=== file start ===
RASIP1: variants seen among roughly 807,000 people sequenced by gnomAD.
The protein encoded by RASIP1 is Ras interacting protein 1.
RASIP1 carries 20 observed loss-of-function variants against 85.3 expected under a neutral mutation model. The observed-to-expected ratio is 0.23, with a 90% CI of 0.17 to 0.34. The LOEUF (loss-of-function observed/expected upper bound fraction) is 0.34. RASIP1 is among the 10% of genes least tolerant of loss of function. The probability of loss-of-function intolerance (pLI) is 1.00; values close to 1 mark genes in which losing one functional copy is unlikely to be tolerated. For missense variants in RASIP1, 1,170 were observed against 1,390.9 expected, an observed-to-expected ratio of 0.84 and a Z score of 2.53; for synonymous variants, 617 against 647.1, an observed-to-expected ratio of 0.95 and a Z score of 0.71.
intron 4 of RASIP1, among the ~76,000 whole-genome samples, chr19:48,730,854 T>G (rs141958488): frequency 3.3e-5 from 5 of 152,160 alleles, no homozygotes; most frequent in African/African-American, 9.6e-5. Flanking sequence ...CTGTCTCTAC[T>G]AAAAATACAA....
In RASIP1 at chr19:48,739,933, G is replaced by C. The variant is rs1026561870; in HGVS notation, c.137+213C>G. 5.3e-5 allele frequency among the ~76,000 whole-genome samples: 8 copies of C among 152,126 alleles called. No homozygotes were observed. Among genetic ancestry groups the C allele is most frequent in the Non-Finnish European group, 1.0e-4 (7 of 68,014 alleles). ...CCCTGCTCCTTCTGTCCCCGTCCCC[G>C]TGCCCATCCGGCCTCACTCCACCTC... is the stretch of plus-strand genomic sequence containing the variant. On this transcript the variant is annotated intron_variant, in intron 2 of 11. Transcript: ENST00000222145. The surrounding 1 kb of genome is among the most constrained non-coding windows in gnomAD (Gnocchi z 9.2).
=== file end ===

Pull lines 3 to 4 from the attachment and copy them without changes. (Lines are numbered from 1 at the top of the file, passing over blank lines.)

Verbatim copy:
RASIP1 carries 20 observed loss-of-function variants against 85.3 expected under a neutral mutation model. The observed-to-expected ratio is 0.23, with a 90% CI of 0.17 to 0.34. The LOEUF (loss-of-function observed/expected upper bound fraction) is 0.34. RASIP1 is among the 10% of genes least tolerant of loss of function. The probability of loss-of-function intolerance (pLI) is 1.00; values close to 1 mark genes in which losing one functional copy is unlikely to be tolerated. For missense variants in RASIP1, 1,170 were observed against 1,390.9 expected, an observed-to-expected ratio of 0.84 and a Z score of 2.53; for synonymous variants, 617 against 647.1, an observed-to-expected ratio of 0.95 and a Z score of 0.71.
intron 4 of RASIP1, among the ~76,000 whole-genome samples, chr19:48,730,854 T>G (rs141958488): frequency 3.3e-5 from 5 of 152,160 alleles, no homozygotes; most frequent in African/African-American, 9.6e-5. Flanking sequence ...CTGTCTCTAC[T>G]AAAAATACAA....